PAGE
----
Women and Modernism in Landscape Architecture: A Colloquium, Part III

In recent years, the pace of research on women in landscape architecture has accelerated. Many monographs, anthologies, and scholarly books on their contributions to the field have appeared, such that we now have the beginnings of a detailed picture of the role of women in design at both the start and the conclusion of the twentieth century. But one aspect of this story is unexamined: the place of women in the emergence of modernist landscape architecture in the decades just after the Second World War. The Department of Landscape Architecture will convene a one-day colloquium in the spring semester of 2011 to address this gap in scholarship.

In 1964, when the Museum of Modern Art organized the exhibition and published the book Modern Gardens and the Landscape, it included no women, beyond a glancing reference to Gertrude Jekyll. When an expanded version of the book appeared in 1984, it still included no women. When the anthology Modern Landscape Architecture: A Critical Review appeared, it included the work of only one woman designer–of a decidedly later generation. Yet we know women were active in the formations of modernism in the decades after the War, as designers, academics, and writers, especially in the United States, Europe, and South America.

The colloquium will feature presentations by and about some of the leading women designers of the time: Cornelia Oberlander, Rosa Kliass, and Carol Johnson, among others. Leading historians of the era will provide an overview, presenting some of the professional challenges facing women in the years after the war and the various ways that women contributed to the emergence of modernism in different countries and contexts. Scholars have been invited to talk specifically about particular designers, and the designers themselves will participate in a moderated discussion.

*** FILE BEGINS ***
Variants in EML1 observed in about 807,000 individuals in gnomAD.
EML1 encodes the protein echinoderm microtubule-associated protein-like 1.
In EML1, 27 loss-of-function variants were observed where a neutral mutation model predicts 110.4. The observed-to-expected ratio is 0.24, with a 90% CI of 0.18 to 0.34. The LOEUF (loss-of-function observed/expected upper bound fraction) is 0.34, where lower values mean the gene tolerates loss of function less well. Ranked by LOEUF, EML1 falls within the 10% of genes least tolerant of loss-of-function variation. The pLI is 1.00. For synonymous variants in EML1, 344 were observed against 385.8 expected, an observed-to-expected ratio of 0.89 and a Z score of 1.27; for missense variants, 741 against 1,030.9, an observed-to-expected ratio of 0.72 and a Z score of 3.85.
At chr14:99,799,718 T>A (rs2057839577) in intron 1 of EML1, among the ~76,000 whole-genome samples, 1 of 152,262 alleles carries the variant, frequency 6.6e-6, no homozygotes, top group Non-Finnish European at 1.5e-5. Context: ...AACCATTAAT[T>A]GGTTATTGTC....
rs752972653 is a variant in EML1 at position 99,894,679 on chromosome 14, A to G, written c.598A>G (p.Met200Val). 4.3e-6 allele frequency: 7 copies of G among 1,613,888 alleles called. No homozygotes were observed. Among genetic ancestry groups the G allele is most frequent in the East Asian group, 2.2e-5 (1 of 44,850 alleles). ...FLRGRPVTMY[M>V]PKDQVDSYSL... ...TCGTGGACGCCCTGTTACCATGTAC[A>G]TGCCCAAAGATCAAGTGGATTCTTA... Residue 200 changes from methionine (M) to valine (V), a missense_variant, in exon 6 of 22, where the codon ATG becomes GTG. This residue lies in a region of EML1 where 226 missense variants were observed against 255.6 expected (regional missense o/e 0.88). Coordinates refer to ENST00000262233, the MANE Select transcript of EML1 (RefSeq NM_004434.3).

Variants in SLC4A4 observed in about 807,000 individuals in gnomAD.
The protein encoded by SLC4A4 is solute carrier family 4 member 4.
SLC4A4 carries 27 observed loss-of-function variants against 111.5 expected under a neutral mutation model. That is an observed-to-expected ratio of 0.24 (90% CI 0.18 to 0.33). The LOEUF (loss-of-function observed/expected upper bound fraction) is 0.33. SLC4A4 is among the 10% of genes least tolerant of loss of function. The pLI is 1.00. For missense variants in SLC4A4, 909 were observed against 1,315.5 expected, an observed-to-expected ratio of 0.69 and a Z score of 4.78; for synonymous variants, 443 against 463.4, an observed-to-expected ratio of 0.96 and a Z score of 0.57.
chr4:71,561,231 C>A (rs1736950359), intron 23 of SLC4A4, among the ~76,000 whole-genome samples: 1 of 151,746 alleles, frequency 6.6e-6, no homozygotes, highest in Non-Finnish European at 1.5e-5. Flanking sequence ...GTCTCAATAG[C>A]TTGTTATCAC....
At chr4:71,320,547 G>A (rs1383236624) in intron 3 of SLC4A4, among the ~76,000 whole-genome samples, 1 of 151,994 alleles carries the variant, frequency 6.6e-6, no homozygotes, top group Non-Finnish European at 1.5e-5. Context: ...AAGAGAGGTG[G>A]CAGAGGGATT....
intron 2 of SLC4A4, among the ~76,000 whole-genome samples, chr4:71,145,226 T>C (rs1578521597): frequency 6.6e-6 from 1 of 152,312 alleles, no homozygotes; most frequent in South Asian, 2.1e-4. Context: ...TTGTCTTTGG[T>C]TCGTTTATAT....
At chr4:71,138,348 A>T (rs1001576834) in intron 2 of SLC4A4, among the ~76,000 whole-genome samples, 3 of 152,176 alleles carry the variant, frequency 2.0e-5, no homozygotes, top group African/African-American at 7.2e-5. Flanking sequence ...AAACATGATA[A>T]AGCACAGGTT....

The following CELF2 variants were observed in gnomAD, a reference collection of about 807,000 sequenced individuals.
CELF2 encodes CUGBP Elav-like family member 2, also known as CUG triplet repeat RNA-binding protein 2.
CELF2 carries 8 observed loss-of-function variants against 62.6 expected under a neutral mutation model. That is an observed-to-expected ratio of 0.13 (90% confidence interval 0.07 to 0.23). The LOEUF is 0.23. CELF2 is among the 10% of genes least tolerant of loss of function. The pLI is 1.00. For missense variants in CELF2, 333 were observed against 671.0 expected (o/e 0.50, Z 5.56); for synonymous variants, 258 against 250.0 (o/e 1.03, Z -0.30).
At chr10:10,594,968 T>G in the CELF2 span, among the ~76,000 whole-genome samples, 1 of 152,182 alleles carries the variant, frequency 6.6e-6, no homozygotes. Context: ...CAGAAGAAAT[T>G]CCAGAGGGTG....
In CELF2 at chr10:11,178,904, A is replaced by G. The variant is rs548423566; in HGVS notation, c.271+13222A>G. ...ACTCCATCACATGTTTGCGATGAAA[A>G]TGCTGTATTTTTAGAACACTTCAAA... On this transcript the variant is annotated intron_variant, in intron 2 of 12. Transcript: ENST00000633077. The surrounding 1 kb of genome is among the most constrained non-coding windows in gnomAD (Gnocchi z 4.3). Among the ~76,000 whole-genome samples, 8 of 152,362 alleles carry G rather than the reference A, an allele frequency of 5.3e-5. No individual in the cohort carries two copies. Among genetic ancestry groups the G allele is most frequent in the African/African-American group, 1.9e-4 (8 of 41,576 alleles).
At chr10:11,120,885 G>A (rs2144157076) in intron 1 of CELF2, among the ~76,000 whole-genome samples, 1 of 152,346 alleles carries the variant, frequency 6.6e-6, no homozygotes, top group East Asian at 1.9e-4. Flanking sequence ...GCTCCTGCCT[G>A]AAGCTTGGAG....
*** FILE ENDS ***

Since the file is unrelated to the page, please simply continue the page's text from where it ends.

Confirmed speakers include Thaisa Way on the role of women in post-war practice in the United States; Sonja Dumpelmann on post-war practice in Europe; Maria Cecilia Gorski on the work of Rosa Kliass in the context of Brazilian modernism; Susan Herrington on Cornelia Oberlander and modernism in North America; and Kelly Comras on Ruth Shellhorn and the Southern California commercial landscape. Cornelia Oberlander, Rosa Kliass, and Carol Johnson will also speak on their own work. This project builds on considerable GSD student interest in the topic, as exemplified by a series of interviews conducted with contemporary women in practice last year.



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